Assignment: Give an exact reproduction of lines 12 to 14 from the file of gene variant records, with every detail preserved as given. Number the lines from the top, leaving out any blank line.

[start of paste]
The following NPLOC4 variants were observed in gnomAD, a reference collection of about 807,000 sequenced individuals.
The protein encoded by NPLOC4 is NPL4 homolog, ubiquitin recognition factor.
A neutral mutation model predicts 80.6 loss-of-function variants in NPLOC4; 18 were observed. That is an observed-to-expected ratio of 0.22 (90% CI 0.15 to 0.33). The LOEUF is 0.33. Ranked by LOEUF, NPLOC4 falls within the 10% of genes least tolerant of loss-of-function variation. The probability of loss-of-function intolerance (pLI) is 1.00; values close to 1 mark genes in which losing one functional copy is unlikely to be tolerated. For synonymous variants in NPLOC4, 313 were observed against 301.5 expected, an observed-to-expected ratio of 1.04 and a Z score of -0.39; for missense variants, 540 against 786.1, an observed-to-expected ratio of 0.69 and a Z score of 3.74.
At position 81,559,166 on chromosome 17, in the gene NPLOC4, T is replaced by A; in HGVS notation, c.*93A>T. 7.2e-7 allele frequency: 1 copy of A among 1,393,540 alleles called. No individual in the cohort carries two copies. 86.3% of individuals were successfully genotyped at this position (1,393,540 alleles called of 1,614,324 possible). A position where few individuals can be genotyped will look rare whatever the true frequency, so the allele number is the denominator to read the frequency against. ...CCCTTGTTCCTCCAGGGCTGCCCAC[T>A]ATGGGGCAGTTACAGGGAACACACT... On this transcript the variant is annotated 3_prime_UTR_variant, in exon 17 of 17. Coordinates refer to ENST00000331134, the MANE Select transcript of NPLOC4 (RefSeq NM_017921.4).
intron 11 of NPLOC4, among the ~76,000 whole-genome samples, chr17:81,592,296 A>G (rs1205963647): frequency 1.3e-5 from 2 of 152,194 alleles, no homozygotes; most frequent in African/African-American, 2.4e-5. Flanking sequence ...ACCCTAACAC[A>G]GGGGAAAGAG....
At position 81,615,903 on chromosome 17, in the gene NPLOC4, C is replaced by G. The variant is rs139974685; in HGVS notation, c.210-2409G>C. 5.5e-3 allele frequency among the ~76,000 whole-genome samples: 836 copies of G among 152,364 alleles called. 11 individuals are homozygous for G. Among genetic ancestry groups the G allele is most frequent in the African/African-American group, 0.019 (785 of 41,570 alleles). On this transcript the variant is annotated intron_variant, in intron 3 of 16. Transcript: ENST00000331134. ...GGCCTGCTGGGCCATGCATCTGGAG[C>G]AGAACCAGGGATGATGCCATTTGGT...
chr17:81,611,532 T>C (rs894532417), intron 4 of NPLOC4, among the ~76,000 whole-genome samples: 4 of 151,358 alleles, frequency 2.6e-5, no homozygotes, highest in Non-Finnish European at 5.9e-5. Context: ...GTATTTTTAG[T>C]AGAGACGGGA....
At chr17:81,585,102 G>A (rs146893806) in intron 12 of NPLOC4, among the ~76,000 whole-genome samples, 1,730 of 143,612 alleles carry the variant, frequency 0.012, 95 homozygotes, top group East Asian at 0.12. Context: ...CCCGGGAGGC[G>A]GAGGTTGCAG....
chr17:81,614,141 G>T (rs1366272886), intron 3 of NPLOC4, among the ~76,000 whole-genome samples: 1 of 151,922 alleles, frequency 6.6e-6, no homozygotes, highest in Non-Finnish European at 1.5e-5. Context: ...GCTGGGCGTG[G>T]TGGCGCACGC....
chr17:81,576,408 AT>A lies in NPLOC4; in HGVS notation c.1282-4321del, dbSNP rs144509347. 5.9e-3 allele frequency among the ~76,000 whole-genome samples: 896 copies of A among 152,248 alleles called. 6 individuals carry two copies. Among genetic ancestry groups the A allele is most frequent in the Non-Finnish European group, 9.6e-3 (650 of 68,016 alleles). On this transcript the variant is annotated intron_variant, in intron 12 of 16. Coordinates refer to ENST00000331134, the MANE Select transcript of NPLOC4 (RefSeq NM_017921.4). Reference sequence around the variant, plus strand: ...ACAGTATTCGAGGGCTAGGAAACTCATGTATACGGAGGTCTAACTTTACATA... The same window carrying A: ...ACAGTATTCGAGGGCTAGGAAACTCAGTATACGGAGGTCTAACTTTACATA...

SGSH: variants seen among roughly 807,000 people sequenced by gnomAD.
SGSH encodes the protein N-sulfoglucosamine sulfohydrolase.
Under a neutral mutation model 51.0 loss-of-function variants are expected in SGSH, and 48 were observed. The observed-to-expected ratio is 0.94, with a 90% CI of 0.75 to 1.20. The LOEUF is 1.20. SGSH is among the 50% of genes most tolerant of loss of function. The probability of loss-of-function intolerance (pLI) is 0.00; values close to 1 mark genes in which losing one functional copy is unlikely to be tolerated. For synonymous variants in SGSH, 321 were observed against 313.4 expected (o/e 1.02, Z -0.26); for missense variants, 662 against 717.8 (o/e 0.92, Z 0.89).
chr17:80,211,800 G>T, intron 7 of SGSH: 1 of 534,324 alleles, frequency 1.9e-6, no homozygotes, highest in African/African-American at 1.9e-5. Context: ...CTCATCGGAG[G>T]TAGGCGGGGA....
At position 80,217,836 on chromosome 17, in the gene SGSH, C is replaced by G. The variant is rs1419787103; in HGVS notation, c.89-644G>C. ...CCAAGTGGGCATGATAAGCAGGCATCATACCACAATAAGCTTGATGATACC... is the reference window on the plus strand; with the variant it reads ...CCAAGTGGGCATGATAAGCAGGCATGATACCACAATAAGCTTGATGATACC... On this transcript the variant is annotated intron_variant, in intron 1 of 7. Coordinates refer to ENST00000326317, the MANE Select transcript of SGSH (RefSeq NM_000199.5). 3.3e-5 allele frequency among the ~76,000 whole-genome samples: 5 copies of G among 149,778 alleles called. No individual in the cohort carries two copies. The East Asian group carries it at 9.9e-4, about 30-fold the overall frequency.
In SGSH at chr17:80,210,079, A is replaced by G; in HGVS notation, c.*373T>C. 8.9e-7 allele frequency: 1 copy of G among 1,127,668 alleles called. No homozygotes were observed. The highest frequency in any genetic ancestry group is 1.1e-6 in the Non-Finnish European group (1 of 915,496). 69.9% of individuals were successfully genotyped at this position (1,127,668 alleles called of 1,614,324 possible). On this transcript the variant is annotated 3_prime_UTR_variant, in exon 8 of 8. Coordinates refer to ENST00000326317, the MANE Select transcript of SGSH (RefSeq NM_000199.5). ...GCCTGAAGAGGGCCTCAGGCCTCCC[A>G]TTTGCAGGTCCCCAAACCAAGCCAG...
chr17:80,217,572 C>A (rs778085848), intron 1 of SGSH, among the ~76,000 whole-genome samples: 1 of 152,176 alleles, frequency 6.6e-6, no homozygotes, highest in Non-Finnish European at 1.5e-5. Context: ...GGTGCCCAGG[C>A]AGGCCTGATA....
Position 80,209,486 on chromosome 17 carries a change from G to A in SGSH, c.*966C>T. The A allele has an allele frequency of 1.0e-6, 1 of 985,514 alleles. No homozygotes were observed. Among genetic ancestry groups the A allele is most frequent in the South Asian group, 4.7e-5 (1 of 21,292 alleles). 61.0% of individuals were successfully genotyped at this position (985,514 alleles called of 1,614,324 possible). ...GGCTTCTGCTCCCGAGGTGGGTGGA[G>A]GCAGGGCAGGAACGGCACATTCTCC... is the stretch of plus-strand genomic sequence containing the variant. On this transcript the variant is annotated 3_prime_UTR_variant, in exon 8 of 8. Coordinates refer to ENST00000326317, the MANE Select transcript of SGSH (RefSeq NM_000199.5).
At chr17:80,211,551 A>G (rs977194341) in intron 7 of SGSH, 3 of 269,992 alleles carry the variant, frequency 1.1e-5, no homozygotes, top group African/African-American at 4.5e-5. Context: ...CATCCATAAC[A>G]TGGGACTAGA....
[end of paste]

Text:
SGSH encodes the protein N-sulfoglucosamine sulfohydrolase.
Under a neutral mutation model 51.0 loss-of-function variants are expected in SGSH, and 48 were observed. The observed-to-expected ratio is 0.94, with a 90% CI of 0.75 to 1.20. The LOEUF is 1.20. SGSH is among the 50% of genes most tolerant of loss of function. The probability of loss-of-function intolerance (pLI) is 0.00; values close to 1 mark genes in which losing one functional copy is unlikely to be tolerated. For synonymous variants in SGSH, 321 were observed against 313.4 expected (o/e 1.02, Z -0.26); for missense variants, 662 against 717.8 (o/e 0.92, Z 0.89).
chr17:80,211,800 G>T, intron 7 of SGSH: 1 of 534,324 alleles, frequency 1.9e-6, no homozygotes, highest in African/African-American at 1.9e-5. Context: ...CTCATCGGAG[G>T]TAGGCGGGGA....